PLEASE FINISH ALL WRITING tasks before moving on to Reading even if it takes longer than the timetable suggests.
Read through all of the information about writing the body paragraphs, complete the activities in red as you go.
Answer the following questions for the paragraph below:
- What are the two openers that are used?
- What is their argument?
- What are the supporting details?
Firstly, children are able to develop many skills often learnt at school from television. For example, Play School and Sesame Street are just some of the popular children’s shows that teach numeracy and literacy skills. In addition to this, children are able to watch programs, which dramatize classic children’s fiction. “Misery Guts” by Morris Gleitzman, is currently being viewed by children throughout Australia. Not only do they learn about the world around them, but they are also introduced to some great authors and literature.
You are now going to write your own argument paragraphs for the topic we started yesterday: Every family should own a pet. FOLLOW THE INSTRUCTIONS IN RED TO WRITE YOUR 3 BODY PARAGRAPHS! This will go
underneath your introduction from yesterday in your OneNote, Remote Learning-Writing-Week 3-Persuasive page.
- When introducing your arguments start each paragraph with an opener. You can come up with your own or use the list from below.
- Firstly, Secondly, Thirdly
- It’s obvious that
- It’s crystal clear that
Openers for the second paragraph:
- In addition,
Openers for the third paragraph:
- Now that you have your opener, you can finish the sentence by writing your argument. Remember to make it STRONG!! That means NO opinion words such as I like, I believe, I hate…
Certainly, mobile phones are necessary to have in case of an emergency.
- To introduce your supporting details and evidence, start with a details opener. Again you can use the list below or come up with your own. Once you’ve got your opener you can add in your supporting details.
Supporting evidence can include:
- Statistics (you can research a statistic that matches your argument)
- Expert opinion (eg: something a professor, doctor, … has said – you can research this)
REMEMBER Only ONE argument per paragraph. The supporting details and evidence should just be about the same argument. In this paragraph, the supporting details in yellow gives you an example of when you might be in an emergency and would need a mobile phone – it adds extra information to the SAME argument.
Certainly, mobile phones are necessary to have in case of an emergency. For instance, if you fall down a flight of stairs in a building and you are badly injured it is good to have a mobile phone on hand to use. You never know when you might need to make an emergency phone call so it’s vital to have a mobile phone with you.
- For example
- In fact
- For instance
- In support of this
- It is certain
- Not only
- You can now repeat these steps for your next two paragraphs.
Please make sure you have finished ALL of the writing tasks including writing your THREE body paragraphs before moving onto Reading today.
For Reading today:
- Complete the cards below (only do the Crazy Creative Challenges if you have time at the end).
- If you did ADDITION AND SUBTRACTION on TUESDAY:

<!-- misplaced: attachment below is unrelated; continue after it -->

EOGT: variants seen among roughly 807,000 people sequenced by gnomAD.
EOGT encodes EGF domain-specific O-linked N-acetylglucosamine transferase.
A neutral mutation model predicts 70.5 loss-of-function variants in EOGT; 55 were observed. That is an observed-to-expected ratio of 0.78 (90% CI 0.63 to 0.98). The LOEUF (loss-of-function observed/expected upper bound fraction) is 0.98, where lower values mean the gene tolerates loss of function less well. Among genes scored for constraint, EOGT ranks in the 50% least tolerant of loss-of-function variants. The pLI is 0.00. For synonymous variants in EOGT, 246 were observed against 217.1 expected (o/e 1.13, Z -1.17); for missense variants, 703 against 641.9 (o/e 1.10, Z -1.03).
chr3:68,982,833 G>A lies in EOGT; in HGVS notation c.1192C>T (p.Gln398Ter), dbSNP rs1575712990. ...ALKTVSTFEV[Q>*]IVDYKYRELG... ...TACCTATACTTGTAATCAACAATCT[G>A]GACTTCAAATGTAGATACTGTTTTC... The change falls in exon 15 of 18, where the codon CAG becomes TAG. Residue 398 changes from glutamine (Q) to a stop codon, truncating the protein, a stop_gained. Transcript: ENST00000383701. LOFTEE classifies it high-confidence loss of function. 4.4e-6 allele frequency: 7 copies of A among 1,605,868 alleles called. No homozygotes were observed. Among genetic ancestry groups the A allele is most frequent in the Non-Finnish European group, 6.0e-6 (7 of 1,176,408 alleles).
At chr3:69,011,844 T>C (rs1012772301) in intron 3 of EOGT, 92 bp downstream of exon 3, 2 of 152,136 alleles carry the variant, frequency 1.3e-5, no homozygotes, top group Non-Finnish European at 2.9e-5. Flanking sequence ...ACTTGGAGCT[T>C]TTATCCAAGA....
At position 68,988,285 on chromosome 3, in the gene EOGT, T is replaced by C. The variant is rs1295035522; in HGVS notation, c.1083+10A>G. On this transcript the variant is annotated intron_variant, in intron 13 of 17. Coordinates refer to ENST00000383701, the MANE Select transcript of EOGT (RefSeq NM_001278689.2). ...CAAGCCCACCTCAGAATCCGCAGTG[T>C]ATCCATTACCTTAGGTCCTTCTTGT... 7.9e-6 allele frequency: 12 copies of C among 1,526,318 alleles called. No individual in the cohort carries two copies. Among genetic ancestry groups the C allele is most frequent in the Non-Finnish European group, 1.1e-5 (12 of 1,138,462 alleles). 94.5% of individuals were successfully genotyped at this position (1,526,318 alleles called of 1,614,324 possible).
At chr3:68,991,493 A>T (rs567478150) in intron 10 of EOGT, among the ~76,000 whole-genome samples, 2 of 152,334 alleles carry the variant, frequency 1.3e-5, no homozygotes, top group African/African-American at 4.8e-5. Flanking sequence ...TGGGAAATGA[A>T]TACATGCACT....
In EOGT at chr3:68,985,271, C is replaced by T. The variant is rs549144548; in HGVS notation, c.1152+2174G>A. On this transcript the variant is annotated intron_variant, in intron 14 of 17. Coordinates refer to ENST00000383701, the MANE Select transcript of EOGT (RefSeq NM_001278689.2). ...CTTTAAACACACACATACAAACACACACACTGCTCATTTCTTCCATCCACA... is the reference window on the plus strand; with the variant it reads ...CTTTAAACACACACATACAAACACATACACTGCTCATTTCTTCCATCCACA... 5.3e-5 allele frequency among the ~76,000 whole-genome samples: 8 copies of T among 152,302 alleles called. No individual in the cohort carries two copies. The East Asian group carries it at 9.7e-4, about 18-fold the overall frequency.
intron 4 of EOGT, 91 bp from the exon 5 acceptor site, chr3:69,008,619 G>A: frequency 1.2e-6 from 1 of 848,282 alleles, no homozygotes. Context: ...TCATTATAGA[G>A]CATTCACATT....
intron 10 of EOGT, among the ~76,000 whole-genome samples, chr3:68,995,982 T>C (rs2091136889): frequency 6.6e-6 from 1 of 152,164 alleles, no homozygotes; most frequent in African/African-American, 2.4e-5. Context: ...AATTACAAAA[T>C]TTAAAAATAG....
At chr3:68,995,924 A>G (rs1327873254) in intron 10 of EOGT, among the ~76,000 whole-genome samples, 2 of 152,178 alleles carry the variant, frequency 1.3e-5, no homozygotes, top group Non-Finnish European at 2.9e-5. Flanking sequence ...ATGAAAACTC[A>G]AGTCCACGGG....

- If you need more practise complete Wednesday Adding and Subtracting
- If you are ready to move on then complete TUESDAY Multiplication
- If you did MULTIPLICATION on TUESDAY:
- If you need more practise complete Wednesday Multiplication
- If you are ready to move on to complete Wednesday Order of Operations
- Look carefully at the number patterns below.
- Identify the rule and fill in the missing numbers to complete the pattern.
- Read the instructions carefully for the second part.
You can add $1000 to your bank book if you show ALL of your working out beautifully in your maths book for each question and upload a photo!
- 2, 4, 8, 16, 32, 64. Rule: _____
- 1, 3, 9, 27, 81, 243. Rule: _____
- 4, 16, 64, 256, 1024, 4096 Rule: _____
- 1, 5, 25, 125, 625, 3125 Rule: _____
- 3, 6, __, 24, 48, __, __ Rule: _____
- 6, 30, 150, __, __, __ Rule: _____
- 5, 20, 80, __, __, __, Rule: _____
- 7, 21, __, 189, __, __, __ Rule: _____
- 8, 48, 288, __, __, __, Rule: _____
- 45, __, 180, 360, __, __ Rule: _____
- 10, 40, __, 640, __, __, Rule: _____
- 40, 200, __, 5000, __, __, Rule: _____
- 5, 35, 245, __, __, __ Rule: _____
- 14, 56, 224, __, __, __ Rule: _____
- 3, 12, __, 192, __, __ Rule: _____
- 4, 12, 36, __, __, __ Rule: _____
- 5, 20, __, 320, __, __, __ Rule: _____
- 2, 12, 72, __, __, __ Rule: _____
Learning Intention: To use the order of operations (BODMAS) to solve equations.
Success Criteria: I understand why we need to use the order of operations.
I can explain the meaning of BODMAS.
I can use the order of operations to correctly solve equations involving all four operations and brackets.
Step 1: Watch the following video to learn about the order of operations: <<Order of Operations 2020.mp4>>
Step 2: Solve the equations in your maths book – show your working out for each step.
Solve the following equations using the order of operations (BODMAS):
YOU MUST SHOW THE WORKING OUT
EITHER IN ONENOTE OR IN YOUR
BOOK AND ATTACH A PHOTO
- 4 + 3 x 4 =
- 10 – 15 ÷ 3 =
- 27 ÷ 3 + 5 =
- 3 + 5 x 6 – 4 =
- 20 ÷ (2 + 3) =
- 3 + 4 x (1 + 7 ) =
- 10 + 3 x 2 – 36 ÷ 4 =
- 40 ÷ (8 – 4) + 7 x 3 – 11 =
- 4 + 4 x 9 ÷ 6 =
- 8 + (3 + 7 x 5) – 2 =